Future Work: Refining the models
The immediate future for the modelling component of our project lies in further refining the model with any characterisation data obtained; for example, fitting the response curves of the individual pathways to observed results, or adjusting the light output relevant to the amount of luciferase produced. Doing so would increase the viability of our model as an accurate representation of the biology that it represents, and would thus improve the predictive capabilities and the reliability of the data that can be inferred from the system. It would also allow us to perform further study and analysis upon the models to try to answer relevant biological questions.
Alternatively, we could attempt to extend the scope of the modelling in new directions. A number of different possibilities exist, including three-dimensional structural modelling of proteins such as the light receptors or their signal transduction pathways, or energy-based modelling involving thermodynamics and kinetic states. Again, the aim of this modelling would be to increase the accuracy of the biological interactions depicted within the model and to reduce the effect of the assumptions we have to make in order to achieve a certain level of granularity.
We would like to view models not only as design and prototyping tools, but also as fundamental components of an iterative process in which they help predict and influence biological decisions, and are in turn updated and improve understanding via the characterisation data obtained. From a software engineering point of view, modelling in iGEM is very similar to extreme programming, in which models are only made as needed to explain or describe concepts, and are discarded almost as quickly. A possible alternative to this methodology is model-driven development, in which models form the core of the development process and are integrated far more closely into the project lifecycle. Although neither way of thinking is necessary better than its counterpart - both have advantages according to the situation, such as the former being more useful for short-term, high-intensity projects - it would be good to promote them both as possible options within synthetic biology.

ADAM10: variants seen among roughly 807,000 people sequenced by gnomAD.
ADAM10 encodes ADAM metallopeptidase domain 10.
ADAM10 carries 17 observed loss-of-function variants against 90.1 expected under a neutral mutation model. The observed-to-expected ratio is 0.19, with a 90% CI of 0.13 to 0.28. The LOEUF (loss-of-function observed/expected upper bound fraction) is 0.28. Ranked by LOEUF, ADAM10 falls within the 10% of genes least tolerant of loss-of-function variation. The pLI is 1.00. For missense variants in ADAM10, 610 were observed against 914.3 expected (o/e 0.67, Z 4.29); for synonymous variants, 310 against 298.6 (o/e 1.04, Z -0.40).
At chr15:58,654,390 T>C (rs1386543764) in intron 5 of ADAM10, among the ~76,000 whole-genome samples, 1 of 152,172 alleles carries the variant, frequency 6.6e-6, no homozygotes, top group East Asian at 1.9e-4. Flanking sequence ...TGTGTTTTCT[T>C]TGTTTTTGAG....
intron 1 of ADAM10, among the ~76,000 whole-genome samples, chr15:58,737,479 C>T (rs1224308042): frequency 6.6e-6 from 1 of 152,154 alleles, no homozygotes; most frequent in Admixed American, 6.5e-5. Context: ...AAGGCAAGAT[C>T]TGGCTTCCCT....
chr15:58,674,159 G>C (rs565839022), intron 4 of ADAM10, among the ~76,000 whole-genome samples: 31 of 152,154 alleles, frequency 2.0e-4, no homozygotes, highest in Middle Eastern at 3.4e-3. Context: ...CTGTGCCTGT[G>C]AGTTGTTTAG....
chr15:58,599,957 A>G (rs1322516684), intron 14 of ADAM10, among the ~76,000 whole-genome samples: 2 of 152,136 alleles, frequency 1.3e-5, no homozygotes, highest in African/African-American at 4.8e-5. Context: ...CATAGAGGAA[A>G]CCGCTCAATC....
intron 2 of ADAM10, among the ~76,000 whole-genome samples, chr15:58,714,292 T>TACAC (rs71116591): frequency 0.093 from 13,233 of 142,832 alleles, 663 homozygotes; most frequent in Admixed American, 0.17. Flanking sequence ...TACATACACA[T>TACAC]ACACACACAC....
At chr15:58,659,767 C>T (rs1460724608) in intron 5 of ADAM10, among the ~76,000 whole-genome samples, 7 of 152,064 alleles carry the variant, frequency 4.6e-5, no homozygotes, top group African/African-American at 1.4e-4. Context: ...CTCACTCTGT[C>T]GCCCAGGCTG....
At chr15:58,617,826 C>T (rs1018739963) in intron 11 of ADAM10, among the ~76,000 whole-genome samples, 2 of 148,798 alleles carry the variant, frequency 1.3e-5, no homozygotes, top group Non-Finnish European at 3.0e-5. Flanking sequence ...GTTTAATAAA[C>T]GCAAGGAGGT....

Future Work: The "Virtual Registry"
Thinking in broader terms, one of the main future applications we can see stemming from the modelling component of our project is in formalising Ty Thomson's unofficial framework for modelling BioBricks in Kappa, possibly by submitting it as a RFC to the Registry as a means of characterising BioBricks. This would provide a definitive and standardised method to quantify the actions of parts entered into the Registry; for example, all ribosome binding sites would be associated with a definitive kinetic rate that quantifies the rate at which ribosomes bind to the transcribed mRNA. With just a little effort and support, an attempt could be made to standardise the rather disparate nature of modelling within synthetic biology at this point in time, as well as helping to promote useful modelling techniques and good modelling practices within the community.
In turn, such an advance would allow for the development of an associated "Virtual Registry" of characterised parts, devices, and models. Although margins of error would still be present, one can still foresee the time when a synthetic biologist would be able to fully create and test a potential system in a relatively realistic virtual environment before even having to order a single piece of DNA. Although such an endeavour would rely greatly upon the accuracy of the data input into the "Virtual Registry", the success of the BioBrick Registry in helping to popularise and support the usage of standardised biological parts is a valuable precedent in determining the feasibility of such a project.
We see our modelling work this year as an important first step in this direction, and hope to encourage the adoption of this framework as well as the development of software tools adhering to it.